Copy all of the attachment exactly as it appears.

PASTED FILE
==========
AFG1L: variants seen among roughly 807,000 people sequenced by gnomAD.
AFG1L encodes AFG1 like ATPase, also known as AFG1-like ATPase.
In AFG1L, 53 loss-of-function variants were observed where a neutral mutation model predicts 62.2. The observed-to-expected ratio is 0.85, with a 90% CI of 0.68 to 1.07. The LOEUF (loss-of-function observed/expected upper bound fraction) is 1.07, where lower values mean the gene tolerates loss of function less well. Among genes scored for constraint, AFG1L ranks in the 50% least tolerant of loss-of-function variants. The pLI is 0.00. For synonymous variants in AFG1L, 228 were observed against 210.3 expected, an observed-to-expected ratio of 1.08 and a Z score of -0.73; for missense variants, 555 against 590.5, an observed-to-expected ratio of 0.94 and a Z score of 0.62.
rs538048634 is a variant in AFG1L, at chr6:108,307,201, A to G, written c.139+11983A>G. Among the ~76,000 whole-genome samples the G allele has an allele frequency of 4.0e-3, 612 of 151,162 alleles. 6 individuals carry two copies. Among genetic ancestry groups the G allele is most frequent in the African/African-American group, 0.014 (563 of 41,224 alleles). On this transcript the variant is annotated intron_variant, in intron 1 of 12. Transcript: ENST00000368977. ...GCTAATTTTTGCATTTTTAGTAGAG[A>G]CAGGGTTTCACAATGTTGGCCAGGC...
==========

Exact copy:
AFG1L: variants seen among roughly 807,000 people sequenced by gnomAD.
AFG1L encodes AFG1 like ATPase, also known as AFG1-like ATPase.
In AFG1L, 53 loss-of-function variants were observed where a neutral mutation model predicts 62.2. The observed-to-expected ratio is 0.85, with a 90% CI of 0.68 to 1.07. The LOEUF (loss-of-function observed/expected upper bound fraction) is 1.07, where lower values mean the gene tolerates loss of function less well. Among genes scored for constraint, AFG1L ranks in the 50% least tolerant of loss-of-function variants. The pLI is 0.00. For synonymous variants in AFG1L, 228 were observed against 210.3 expected, an observed-to-expected ratio of 1.08 and a Z score of -0.73; for missense variants, 555 against 590.5, an observed-to-expected ratio of 0.94 and a Z score of 0.62.
rs538048634 is a variant in AFG1L, at chr6:108,307,201, A to G, written c.139+11983A>G. Among the ~76,000 whole-genome samples the G allele has an allele frequency of 4.0e-3, 612 of 151,162 alleles. 6 individuals carry two copies. Among genetic ancestry groups the G allele is most frequent in the African/African-American group, 0.014 (563 of 41,224 alleles). On this transcript the variant is annotated intron_variant, in intron 1 of 12. Transcript: ENST00000368977. ...GCTAATTTTTGCATTTTTAGTAGAG[A>G]CAGGGTTTCACAATGTTGGCCAGGC...